Words and photos by Raf Nathan

Work stands, saw horses or whatever you choose to call them are indispensable in the workshop for supporting timber and work in progress. The stands shown here are just like the pair I’ve been using in my workshop for over 20 years. You’ll quickly find a use for them when you need to machine timber, assemble or glue up your next project.

If you’re new to woodwork they are an excellent exercise in simple joint making techniques as you will learn to lay out, measure, hand plane, and fit dowel and lap joints.

1. I bought standard radiata pine from my local hardware store. The first step is to cut the components oversize, that is, 50mm or more longer than their final length. The wood I bought is framing timber and even though it was dressed all around (DAR) it wasn’t square enough for my needs. I remachined the wood on my planer/thicknesser, finishing up with square timber, 68 x 32mm in section. Once the wood is machined square the components can be sawn to their final length.

2. The joints used for the stands are dowels, a lap (also called a halving T-joint) joint and screws. Dowel joints are used to connect the two horizontal rails to the legs. There are three 9.5mm diameter (3/8”) dowels at each dowel joint. Careful marking and measuring is essential before proceeding to the most difficult part—drilling the holes in the endgrain of the rails.

To do this you either need a dowelling table or a dowelling jig (see below), however you don’t need to buy expensive tools and accessories for this as it’s easy to make a simple jig from scraps for this purpose.

The jig consists of a guide piece and a clamp piece. Two pieces of wood were prepared and cut to length. The guide piece is 40 x 20 x 28mm and needs to be at least 20mm thick to give enough guidance for the drill bit. A 9.5mm drill bit in a drill press was used to accurately drill a hole at 90° into the guide piece. The clamp piece is 70 x 40 x 12mm.

Use glue and two screws to join the guide and clamp pieces, ensuring they are square and flush. Clamping the jig shown below to the workpiece provides an effective means of drilling accurately for dowels. The jig has a limited life because eventually the hole in the guide piece will be enlarged with repeated drilling.

The photo below shows the pencil marks used to line up the jig with those on the workpiece.

The corresponding holes in the legs were marked and then drilled with the drill press.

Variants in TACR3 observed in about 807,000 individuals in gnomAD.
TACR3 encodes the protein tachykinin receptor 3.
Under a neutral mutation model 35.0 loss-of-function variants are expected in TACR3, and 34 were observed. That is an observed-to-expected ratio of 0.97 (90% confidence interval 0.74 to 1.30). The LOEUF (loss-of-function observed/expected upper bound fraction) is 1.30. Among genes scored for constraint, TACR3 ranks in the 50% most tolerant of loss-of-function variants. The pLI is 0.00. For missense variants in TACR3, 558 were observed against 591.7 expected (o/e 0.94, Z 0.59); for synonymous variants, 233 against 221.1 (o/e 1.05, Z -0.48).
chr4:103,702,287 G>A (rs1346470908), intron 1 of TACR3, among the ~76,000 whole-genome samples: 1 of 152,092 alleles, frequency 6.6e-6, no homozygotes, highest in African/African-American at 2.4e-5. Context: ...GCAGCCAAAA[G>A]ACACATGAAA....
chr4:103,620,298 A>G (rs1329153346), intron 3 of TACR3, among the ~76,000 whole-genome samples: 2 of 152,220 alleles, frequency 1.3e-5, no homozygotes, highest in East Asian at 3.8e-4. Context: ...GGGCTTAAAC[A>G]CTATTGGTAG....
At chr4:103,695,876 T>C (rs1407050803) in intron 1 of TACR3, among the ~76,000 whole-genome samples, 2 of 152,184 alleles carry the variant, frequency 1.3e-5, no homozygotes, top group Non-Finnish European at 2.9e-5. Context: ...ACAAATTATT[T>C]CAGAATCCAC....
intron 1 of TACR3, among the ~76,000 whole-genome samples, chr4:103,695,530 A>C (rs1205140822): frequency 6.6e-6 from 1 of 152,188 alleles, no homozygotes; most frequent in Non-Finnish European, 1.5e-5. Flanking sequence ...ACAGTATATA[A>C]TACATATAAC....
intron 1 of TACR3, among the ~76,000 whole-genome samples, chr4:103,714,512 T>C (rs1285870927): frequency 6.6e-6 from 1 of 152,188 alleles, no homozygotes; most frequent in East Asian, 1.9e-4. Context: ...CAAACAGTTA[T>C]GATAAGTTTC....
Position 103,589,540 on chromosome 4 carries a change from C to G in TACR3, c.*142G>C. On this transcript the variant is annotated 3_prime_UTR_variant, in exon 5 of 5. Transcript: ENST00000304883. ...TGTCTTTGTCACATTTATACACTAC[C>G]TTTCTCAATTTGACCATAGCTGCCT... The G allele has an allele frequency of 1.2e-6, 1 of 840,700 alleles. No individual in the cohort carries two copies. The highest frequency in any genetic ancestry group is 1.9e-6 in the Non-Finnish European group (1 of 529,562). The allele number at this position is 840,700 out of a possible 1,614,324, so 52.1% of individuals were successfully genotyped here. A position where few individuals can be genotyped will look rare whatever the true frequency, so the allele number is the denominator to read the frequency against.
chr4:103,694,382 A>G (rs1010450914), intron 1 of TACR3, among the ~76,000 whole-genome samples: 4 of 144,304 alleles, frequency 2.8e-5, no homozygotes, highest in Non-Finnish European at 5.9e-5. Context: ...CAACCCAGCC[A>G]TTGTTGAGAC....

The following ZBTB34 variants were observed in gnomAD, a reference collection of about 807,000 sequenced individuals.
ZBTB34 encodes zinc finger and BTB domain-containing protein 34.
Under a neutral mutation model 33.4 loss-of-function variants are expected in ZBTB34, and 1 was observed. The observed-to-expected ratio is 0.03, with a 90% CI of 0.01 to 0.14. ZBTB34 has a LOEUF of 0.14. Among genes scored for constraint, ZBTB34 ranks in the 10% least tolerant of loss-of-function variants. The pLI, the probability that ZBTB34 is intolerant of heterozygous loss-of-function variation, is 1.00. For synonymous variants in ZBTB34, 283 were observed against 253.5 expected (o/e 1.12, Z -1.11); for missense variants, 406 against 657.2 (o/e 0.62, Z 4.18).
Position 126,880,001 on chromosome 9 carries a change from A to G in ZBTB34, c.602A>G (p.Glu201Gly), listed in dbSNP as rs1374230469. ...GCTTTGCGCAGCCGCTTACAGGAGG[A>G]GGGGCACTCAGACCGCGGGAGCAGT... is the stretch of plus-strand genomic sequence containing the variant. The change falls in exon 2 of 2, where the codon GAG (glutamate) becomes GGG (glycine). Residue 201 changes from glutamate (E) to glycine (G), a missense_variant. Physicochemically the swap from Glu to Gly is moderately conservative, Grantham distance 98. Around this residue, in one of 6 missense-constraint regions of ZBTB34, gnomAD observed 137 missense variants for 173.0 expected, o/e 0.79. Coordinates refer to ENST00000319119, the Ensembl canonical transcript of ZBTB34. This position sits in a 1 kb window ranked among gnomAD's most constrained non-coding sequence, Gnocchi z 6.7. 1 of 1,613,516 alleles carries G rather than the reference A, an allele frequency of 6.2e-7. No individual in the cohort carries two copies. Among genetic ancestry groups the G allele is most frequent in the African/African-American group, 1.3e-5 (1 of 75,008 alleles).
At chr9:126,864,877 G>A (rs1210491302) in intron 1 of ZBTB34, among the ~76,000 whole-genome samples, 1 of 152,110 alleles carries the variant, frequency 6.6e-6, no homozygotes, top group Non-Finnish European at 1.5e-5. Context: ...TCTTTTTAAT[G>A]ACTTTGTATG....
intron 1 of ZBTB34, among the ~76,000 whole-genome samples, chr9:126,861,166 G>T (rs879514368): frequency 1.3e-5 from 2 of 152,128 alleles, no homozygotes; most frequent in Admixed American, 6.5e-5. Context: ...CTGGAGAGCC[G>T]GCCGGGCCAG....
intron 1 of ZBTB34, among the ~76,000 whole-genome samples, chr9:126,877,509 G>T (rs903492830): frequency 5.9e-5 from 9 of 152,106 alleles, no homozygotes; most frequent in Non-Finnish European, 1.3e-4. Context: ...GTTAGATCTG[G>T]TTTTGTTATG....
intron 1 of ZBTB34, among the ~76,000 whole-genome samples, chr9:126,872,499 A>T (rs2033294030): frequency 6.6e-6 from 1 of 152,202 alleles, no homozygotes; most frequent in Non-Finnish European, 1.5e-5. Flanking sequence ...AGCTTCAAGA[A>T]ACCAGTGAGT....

3. The legs and feet are joined with a lapped joint. Housings are cut on the bottom of the leg and the middle of the feet. Using a stop on the fence of the tablesaw I cut the shoulders of these joints first.

Still on the tablesaw a series of cuts were made in between the shoulder cuts to remove most of the waste. If you don’t have a tablesaw use a handsaw. A straight cutter in the router table removed the rest of the waste.

A sharp chisel cleaned and flattened anything the router missed.

 Countersunk holes for screws were then drilled on the inside of the legs.

4. With the joints cut for connecting the rails, legs and feet the stand is almost ready to glue together. The top of the stand is a section of wood on its face that is screwed to the top rail afterwards. Screwing these on means they can be easily replaced after a few years of use when it’s likely they’ve become covered in glue, chisel marks and saw cuts. I predrilled the screw holes for the rests before glue up, countersinking the holes to accept long screws.

5. I decided to put a slight taper on the upper edge of the feet. I marked the taper with a pencil then removed the waste on the bandsaw.

I cleaned up the sawn edge with a hand plane and then ran a small block plane along all the edges so they weren't sharp.

6. With everything prepared the legs and rails can now be glued together. Take care that everything is square and there is no twist. Leave these to dry overnight. Attach the feet using screws and plenty of glue at the joint.

7. You may find the top rail doesn’t align perfectly with the top of the leg, so you will need to plane this meeting point flush. The top of the stand can finally be screwed on. I added a few spots of glue to this to give a little more strength however you will still be able to remove the rest later on if it needs to be replaced.

8. It’s advisable to give the stands a sealing coat of shellac or lacquer to protect them from the spills of stain and glue they will inevitably receive during their working life.



All components are cut from radiata pine 68 x 22mm in section

LEGS: 2 @ 760mm
RAILS: 2 @ 410mm
FEET : 2 @ 500mm
TOP: 1 @ 600mm

Raf Nathan is Tool & Equipment Editor for Australian Wood Review. He has made furniture for over 30 years and authored two project books. Handmade Furniture 1 and Handmade Furniture II.



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